Pragya Bhagat, Bhopal, March 5, 2007
Her mehndi-colored hair matches her feisty personality. But there was a time when her locks weren’t a rusty orange, but a rich black instead. Shehzadi Bi spent her younger days in Bidisha Dilla, one of four children in a farming community. Her fondest memories as a child are of playing with her dolls. Education was never important in the family, so she did not learn how to read or write. Before she came to Bhopal Shehzadi Bi used to make a living by sewing and rolling beedis. It wasn’t until 1982 that her marriage let her to the city she would now call home.
She remembers that night like a haunting nightmare that won’t go away.
“It was 12:30 am. We were sleeping in a rented room at Kazi Camp when the stench of burning chilies stung our nostrils. All I remember is that I was losing consciousness while running. I was dumped into a truck. When I regained consciousness, I saw that vomit and other bodily fluids had soiled my clothes. It was then that I realized that they were my own.”
She had four children at the time of the gas disaster and has had two more since that time. Her son who was six at the time has now developed a cancer in his leg that had to be operated on. One of her daughters became blind and has to hear the all-too-frequent complaints of her in-laws: we got stuck with a blind daughter-in-law. Shehzadi’s husband was diagnosed with tuberculosis. Everyone suffers from breathlessness, while the females are plagued with menstrual problems. Shehzadi Bi currently lives in Blue Moon Colony where she bought a flat. Little did she know it is a water-contaminated community. The water is dripping with poisons like lead, mercury, and chloroform- substances that should not be ingested-yet her family was forced to drink it until the water tanks with clean water were put into her community. Do they think about moving out of that area into one where water safety is not an issue? “How can we even think about moving to another place when we don’t have the money for it? Only when we have the means can we hope to see such dreams.”
“I fasted on the Padyatra to New Delhi in 2006. That lasted for seven days.” Weakness is inevitable, but Shehzadi Bi has prepared herself for anything that may come her way. Losing her life, for example. “If my death saves another six lakh people from dying, then it’s worth it.”
She was married off at the tender age of twelve. It was then that she had to leave her three sisters, one brother, and the mother that single-handedly raised all five of them in Pathari. Her husband died eleven years after their marriage, and Guddi Bi became the person her mother used to be, raising her three children on her own.
She came to Bhopal three years ago, looking for work, and settled in Blue Moon colony, a water-contaminated community. Guddi Bi does not know what it was like to live through the gas disaster. She was lucky that way. But she sees what the gas has done to the people around her, like the children who are born with enlarged heads and deformed limbs. Ever since she has moved to Bhopal, she has her own problems to deal with. It started with coughing and skin rashes, and the water continued to create a whole new set of difficulties. Her nineteen year old son is unfit to work due to weakness. Similarly, her youngest son suffers from the poisons; “One time he drank the water and blood came out of his mouth.” Her daughter experiences a host of gynecological problems, like white discharge and excessive cramps. Stomach aches are normal now. Guddi Bi struggles to survive by selling what she can find in junkyards heaped with trash. Why not go back to a land that’s not polluted with poisons? “Someone’s got to earn for the family, and you can do that in Bhopal. We can’t go back.” Despite her fairly recent arrival in Bhopal, Guddi Bi has immersed herself in the Bhopalis’ struggle for justice. She went on the march to New Delhi last year with her son. Now she is going on an indefinite fast.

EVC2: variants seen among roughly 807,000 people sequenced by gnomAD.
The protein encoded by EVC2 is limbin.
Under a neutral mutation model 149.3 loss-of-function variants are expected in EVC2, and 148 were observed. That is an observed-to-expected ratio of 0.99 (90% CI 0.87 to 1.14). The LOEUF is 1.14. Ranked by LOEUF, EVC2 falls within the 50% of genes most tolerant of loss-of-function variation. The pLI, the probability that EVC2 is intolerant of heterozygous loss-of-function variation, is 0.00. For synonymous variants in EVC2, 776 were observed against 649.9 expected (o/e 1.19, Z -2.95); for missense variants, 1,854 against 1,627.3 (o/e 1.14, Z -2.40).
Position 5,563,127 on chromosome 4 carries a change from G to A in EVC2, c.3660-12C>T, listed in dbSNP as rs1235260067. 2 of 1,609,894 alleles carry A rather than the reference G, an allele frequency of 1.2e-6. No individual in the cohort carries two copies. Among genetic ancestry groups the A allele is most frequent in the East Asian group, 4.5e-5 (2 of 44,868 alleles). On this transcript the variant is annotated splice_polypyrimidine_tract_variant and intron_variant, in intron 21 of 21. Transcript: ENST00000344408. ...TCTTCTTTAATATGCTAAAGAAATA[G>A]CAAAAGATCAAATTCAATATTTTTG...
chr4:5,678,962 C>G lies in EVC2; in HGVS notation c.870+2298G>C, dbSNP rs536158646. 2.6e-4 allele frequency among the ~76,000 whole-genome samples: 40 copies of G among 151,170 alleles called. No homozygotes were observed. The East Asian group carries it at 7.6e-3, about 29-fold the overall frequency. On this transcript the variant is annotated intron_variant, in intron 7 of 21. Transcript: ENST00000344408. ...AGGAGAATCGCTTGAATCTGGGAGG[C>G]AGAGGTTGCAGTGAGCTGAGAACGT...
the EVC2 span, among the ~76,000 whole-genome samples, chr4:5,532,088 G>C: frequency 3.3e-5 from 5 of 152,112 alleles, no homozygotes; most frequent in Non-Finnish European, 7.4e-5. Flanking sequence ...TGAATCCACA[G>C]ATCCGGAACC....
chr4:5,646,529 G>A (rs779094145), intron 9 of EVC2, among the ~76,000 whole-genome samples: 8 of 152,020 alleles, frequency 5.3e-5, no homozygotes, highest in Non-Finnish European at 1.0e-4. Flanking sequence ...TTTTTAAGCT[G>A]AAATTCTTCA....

“My father worked in the Railway Service, and I followed in his footsteps for three years. Then I decided I want to do something on my own.” An only child, a lot was expected from Jabbar as the sole male of the family. He wanted to open a tea stall, which he ran successfully. He smiles as he recalls the day he got married to Nafisa: June 15, 1984. Six months later, his life would change forever.
Eyes stinging. Vomit. Running frantically in any direction. We’ve heard it a thousand times before, yet it hurts every time. Jabbar and Nafisa stayed at the train station for two days and then took the train to Beena. Three years later, they returned to Bhopal and made Gupta Nagar, a water-contaminated community, their new home. It is a water-contaminated area which has taken its toll on Jabbar and his family. In 2003, Jabbar’s blood pressure was sky high; at one point his heart stopped. His five children, aged nine to nineteen, suffer from stomach aches and regular fevers.
Despite the anguish he lives with, Jabbar has dreams of his own. After his father passed away, he discovered his passion for cooking. “My favorite food of all time would have to be Gajar-Matar Sabji,” he says with glittering eyes. He wants to open a dhaba, “the kind they have on roadsides.” He has even thought of a name. “We’ll name it after my youngest daughter, Yasmeen.”